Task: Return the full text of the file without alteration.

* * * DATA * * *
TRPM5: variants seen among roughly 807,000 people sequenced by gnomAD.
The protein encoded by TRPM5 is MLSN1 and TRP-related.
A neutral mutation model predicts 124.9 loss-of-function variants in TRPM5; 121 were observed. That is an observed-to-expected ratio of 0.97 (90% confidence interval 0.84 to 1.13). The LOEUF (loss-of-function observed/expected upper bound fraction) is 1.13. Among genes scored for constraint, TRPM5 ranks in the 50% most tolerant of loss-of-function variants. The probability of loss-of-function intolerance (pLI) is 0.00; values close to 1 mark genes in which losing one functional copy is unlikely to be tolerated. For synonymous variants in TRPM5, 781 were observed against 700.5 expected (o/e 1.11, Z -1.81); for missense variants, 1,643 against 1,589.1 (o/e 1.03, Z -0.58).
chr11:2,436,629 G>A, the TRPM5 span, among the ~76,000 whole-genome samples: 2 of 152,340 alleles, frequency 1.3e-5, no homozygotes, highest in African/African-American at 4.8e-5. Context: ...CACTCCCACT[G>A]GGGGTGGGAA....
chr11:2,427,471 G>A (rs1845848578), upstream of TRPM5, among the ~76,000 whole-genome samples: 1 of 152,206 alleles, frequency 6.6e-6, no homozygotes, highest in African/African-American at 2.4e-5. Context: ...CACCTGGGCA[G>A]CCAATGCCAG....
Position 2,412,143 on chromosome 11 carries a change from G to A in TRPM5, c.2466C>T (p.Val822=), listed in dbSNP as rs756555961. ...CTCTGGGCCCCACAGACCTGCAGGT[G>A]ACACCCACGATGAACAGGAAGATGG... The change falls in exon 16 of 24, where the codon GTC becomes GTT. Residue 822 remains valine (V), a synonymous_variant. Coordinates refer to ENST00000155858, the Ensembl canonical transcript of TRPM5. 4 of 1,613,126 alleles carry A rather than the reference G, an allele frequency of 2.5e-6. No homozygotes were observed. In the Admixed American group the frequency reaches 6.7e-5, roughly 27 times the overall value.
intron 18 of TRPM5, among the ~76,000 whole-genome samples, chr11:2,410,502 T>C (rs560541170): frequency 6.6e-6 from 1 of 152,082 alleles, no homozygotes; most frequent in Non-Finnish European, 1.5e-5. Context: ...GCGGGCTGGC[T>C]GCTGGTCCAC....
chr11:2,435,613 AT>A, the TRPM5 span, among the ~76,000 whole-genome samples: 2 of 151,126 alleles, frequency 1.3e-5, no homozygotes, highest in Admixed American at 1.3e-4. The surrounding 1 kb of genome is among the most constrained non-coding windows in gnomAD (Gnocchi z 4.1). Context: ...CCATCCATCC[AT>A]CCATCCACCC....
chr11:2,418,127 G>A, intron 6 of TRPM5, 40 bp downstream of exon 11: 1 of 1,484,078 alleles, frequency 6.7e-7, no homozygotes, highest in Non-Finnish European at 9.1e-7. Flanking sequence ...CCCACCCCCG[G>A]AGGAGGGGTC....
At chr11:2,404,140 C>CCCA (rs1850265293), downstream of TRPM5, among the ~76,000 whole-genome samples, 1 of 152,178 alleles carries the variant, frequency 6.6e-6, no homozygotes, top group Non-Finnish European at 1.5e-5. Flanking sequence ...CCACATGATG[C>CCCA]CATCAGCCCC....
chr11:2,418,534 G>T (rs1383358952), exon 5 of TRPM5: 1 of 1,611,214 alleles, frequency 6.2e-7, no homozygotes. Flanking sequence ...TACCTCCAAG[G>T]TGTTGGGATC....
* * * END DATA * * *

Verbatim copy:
TRPM5: variants seen among roughly 807,000 people sequenced by gnomAD.
The protein encoded by TRPM5 is MLSN1 and TRP-related.
A neutral mutation model predicts 124.9 loss-of-function variants in TRPM5; 121 were observed. That is an observed-to-expected ratio of 0.97 (90% confidence interval 0.84 to 1.13). The LOEUF (loss-of-function observed/expected upper bound fraction) is 1.13. Among genes scored for constraint, TRPM5 ranks in the 50% most tolerant of loss-of-function variants. The probability of loss-of-function intolerance (pLI) is 0.00; values close to 1 mark genes in which losing one functional copy is unlikely to be tolerated. For synonymous variants in TRPM5, 781 were observed against 700.5 expected (o/e 1.11, Z -1.81); for missense variants, 1,643 against 1,589.1 (o/e 1.03, Z -0.58).
chr11:2,436,629 G>A, the TRPM5 span, among the ~76,000 whole-genome samples: 2 of 152,340 alleles, frequency 1.3e-5, no homozygotes, highest in African/African-American at 4.8e-5. Context: ...CACTCCCACT[G>A]GGGGTGGGAA....
chr11:2,427,471 G>A (rs1845848578), upstream of TRPM5, among the ~76,000 whole-genome samples: 1 of 152,206 alleles, frequency 6.6e-6, no homozygotes, highest in African/African-American at 2.4e-5. Context: ...CACCTGGGCA[G>A]CCAATGCCAG....
Position 2,412,143 on chromosome 11 carries a change from G to A in TRPM5, c.2466C>T (p.Val822=), listed in dbSNP as rs756555961. ...CTCTGGGCCCCACAGACCTGCAGGT[G>A]ACACCCACGATGAACAGGAAGATGG... The change falls in exon 16 of 24, where the codon GTC becomes GTT. Residue 822 remains valine (V), a synonymous_variant. Coordinates refer to ENST00000155858, the Ensembl canonical transcript of TRPM5. 4 of 1,613,126 alleles carry A rather than the reference G, an allele frequency of 2.5e-6. No homozygotes were observed. In the Admixed American group the frequency reaches 6.7e-5, roughly 27 times the overall value.
intron 18 of TRPM5, among the ~76,000 whole-genome samples, chr11:2,410,502 T>C (rs560541170): frequency 6.6e-6 from 1 of 152,082 alleles, no homozygotes; most frequent in Non-Finnish European, 1.5e-5. Context: ...GCGGGCTGGC[T>C]GCTGGTCCAC....
chr11:2,435,613 AT>A, the TRPM5 span, among the ~76,000 whole-genome samples: 2 of 151,126 alleles, frequency 1.3e-5, no homozygotes, highest in Admixed American at 1.3e-4. The surrounding 1 kb of genome is among the most constrained non-coding windows in gnomAD (Gnocchi z 4.1). Context: ...CCATCCATCC[AT>A]CCATCCACCC....
chr11:2,418,127 G>A, intron 6 of TRPM5, 40 bp downstream of exon 11: 1 of 1,484,078 alleles, frequency 6.7e-7, no homozygotes, highest in Non-Finnish European at 9.1e-7. Flanking sequence ...CCCACCCCCG[G>A]AGGAGGGGTC....
At chr11:2,404,140 C>CCCA (rs1850265293), downstream of TRPM5, among the ~76,000 whole-genome samples, 1 of 152,178 alleles carries the variant, frequency 6.6e-6, no homozygotes, top group Non-Finnish European at 1.5e-5. Flanking sequence ...CCACATGATG[C>CCCA]CATCAGCCCC....
chr11:2,418,534 G>T (rs1383358952), exon 5 of TRPM5: 1 of 1,611,214 alleles, frequency 6.2e-7, no homozygotes. Flanking sequence ...TACCTCCAAG[G>T]TGTTGGGATC....